The end of high travel season brings the return of heavy equipment to the Steamship Authority terminal in Woods Hole, as the boat line continues its multi-year reconstruction of the shoreside facility.

The cost of the project is pegged at some $64 million. A series of public presentations are planned for this fall to air designs for the terminal building, still three or four years in the future.

Architect's rendering of future new terminal. — courtesy Steamship Authority

Meanwhile, Quincy contractor Jay Cashman Inc. began work Monday to remove old sheet piling that forms the bulkhead on the north and west sides of the old wharf. A crane arrived Tuesday morning, although other equipment was delayed by inclement weather.

“With some of the weather issues they’ve had, some of the barges won’t be arriving until next week,” SSA general manager Bob Davis told the Gazette Tuesday afternoon.

The tent near the middle ferry slip has been taken down to allow trucks to reach the site, but the canopy between the two southern slips will remain up until late October when it will be replaced by a longer-lasting shade structure, Mr. Davis said.

Following the removal of the old bulkhead, Cashman will excavate the wharf while Lawrence Lynch Corp. of Falmouth removes temporary fill that was installed last spring.

Once the fill is removed, pile driving will begin. Cashman is putting in a new sheet pile bulkhead for the wharf along with 60 pilings for Slip 3. Nine of them will be extra-large monopile dolphins — the bumper-like pilings that guide ferries into the slip — while the rest will support the slip’s new, longer transfer bridge and its passenger loading pier.

The boat line has installed vibration monitoring equipment to track the force of the pile driving when it begins. Results will be published in the weekly emails the SSA sends to its neighbors in Woods Hole during construction, Mr. Davis said.

The cost of the multi-year project is pegged at $64 million. — Jeanna Shepard

“The whole process can be very disruptive and we appreciate everyone bearing with us as we go through this,” he said. “We’re trying to do this during the off season . . . and in various stages, to minimize inconvenience to our customers.”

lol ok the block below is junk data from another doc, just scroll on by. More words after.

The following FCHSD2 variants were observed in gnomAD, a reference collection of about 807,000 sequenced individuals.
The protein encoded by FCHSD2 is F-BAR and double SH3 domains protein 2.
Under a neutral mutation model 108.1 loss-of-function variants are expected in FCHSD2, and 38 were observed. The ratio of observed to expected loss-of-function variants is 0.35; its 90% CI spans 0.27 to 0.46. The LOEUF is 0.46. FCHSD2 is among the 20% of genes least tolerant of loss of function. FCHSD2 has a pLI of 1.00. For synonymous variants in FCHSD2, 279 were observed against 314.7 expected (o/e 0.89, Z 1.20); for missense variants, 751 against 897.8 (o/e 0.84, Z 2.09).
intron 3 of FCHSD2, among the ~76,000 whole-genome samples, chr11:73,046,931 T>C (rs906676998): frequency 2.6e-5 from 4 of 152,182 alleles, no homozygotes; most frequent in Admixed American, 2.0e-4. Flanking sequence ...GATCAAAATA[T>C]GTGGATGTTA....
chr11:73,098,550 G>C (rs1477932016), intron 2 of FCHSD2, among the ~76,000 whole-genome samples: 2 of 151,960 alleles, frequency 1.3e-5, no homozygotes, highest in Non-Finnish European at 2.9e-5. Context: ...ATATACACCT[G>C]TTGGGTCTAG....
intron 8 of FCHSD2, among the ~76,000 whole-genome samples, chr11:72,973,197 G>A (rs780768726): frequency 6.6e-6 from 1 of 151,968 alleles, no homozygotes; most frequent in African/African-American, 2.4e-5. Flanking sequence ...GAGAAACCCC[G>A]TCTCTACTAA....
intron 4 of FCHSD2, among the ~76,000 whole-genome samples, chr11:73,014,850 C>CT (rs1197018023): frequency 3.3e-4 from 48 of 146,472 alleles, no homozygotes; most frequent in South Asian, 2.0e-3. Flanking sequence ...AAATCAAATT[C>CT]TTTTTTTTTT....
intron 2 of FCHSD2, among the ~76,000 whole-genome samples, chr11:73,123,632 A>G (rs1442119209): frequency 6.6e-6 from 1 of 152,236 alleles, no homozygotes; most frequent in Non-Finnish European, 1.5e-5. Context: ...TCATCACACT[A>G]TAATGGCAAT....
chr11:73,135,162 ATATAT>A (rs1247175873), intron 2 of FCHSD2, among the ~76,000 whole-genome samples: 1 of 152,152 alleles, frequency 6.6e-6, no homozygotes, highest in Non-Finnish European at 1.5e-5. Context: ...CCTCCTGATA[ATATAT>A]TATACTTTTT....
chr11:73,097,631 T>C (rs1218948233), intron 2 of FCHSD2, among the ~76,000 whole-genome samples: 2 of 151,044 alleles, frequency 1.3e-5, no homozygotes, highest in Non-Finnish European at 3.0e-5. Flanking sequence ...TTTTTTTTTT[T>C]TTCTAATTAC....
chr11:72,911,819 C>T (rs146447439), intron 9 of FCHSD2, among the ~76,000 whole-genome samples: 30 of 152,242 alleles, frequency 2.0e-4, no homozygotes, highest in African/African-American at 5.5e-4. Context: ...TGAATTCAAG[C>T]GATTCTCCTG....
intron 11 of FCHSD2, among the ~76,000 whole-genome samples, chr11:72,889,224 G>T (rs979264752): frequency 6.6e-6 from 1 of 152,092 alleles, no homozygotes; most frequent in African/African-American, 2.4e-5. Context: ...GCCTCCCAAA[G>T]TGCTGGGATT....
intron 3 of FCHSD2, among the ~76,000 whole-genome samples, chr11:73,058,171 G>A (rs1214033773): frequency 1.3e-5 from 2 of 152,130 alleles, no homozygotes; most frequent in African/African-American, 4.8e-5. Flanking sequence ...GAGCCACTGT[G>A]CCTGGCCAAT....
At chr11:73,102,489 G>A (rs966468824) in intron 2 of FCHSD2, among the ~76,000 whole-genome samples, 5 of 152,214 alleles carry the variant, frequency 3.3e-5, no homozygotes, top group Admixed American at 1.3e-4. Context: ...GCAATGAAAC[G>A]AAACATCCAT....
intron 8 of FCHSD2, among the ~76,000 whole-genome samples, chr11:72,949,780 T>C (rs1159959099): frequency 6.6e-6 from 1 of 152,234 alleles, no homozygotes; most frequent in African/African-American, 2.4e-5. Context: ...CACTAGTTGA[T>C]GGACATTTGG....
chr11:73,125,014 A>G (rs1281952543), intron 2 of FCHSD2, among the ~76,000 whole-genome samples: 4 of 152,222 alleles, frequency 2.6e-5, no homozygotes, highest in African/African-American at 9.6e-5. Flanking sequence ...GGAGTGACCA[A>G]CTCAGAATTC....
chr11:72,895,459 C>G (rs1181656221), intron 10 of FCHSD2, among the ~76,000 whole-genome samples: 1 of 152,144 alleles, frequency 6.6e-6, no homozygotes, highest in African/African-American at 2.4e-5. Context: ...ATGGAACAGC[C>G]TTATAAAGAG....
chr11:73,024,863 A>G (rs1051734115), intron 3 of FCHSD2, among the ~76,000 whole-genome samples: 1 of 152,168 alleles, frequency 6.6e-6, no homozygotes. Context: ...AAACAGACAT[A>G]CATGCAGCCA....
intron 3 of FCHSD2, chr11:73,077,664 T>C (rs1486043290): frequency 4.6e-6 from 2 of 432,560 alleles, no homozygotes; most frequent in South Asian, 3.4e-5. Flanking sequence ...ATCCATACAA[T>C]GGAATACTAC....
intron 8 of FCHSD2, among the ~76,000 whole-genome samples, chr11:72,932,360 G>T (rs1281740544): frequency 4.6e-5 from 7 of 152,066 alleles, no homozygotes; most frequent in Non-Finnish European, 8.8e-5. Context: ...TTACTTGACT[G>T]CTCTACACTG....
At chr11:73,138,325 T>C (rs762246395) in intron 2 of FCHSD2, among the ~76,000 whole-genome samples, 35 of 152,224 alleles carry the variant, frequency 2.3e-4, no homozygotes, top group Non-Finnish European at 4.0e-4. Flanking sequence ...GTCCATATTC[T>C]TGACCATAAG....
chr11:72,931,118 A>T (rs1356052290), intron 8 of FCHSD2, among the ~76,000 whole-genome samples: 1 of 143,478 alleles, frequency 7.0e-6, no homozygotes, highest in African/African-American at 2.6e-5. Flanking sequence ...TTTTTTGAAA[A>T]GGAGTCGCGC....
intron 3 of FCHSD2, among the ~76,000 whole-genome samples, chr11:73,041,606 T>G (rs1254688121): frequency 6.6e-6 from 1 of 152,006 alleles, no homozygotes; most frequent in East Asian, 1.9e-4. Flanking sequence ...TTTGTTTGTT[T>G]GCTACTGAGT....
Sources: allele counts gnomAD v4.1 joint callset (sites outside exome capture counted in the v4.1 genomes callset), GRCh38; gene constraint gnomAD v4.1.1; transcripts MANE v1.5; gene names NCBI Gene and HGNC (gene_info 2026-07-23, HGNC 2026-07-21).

Slip 3 is scheduled to go into service in May. “That’s the plan,” Mr. Davis said, adding that the new slip is positioned slightly farther to the south than the one it is replacing. The relocation places the slip outside the scope of a previous agreement the SSA had with the Woods Hole neighbors that restricts how much it can be used.

“We will be able to use that slip as an operating slip and it will also improve the approach vessels have to make coming in,” Mr. Davis said.

The transfer bridge, over which vehicles, crew members and sometimes passengers move from the wharf to the ferry, will be longer because of coastal building codes that require the terminal to be raised several feet, Mr. Davis said.

When the new terminal building is complete, it will be even farther from the water line on a terrace raised above a surrounding plaza, according to Chris Iwerks of Bertaux+Iwerks Architects in Boston, which is working on the building’s design.

Work will include bulkhead replacement. — Jeanna Shepard

That phase of the terminal reconstruction is still a few years off, but Mr. Davis said the boat line is getting ready to share the architects’ renderings with the public.

“It is critical that we firm up the design,” he said. “A lot of the site work that will be required in three years will be dependent on that.”

The SSA board of governors and port council have both viewed the architects’ latest drawings, which show a roomy waiting room with high windows, wood and stone exterior and a plaza with interlocking umbrellas to provide shade.

Design review is the next step, currently expected to begin sometime in October. The Falmouth historical commission will need to weigh in, Mr. Davis said. “We do want to be able to get some input from our neighbors there in Woods Hole, and also Vineyard residents,” perhaps through an open house on the Island, he said.

The boat line board of governors holds its next meeting on Sept. 25 at the Nantucket Whaling Museum.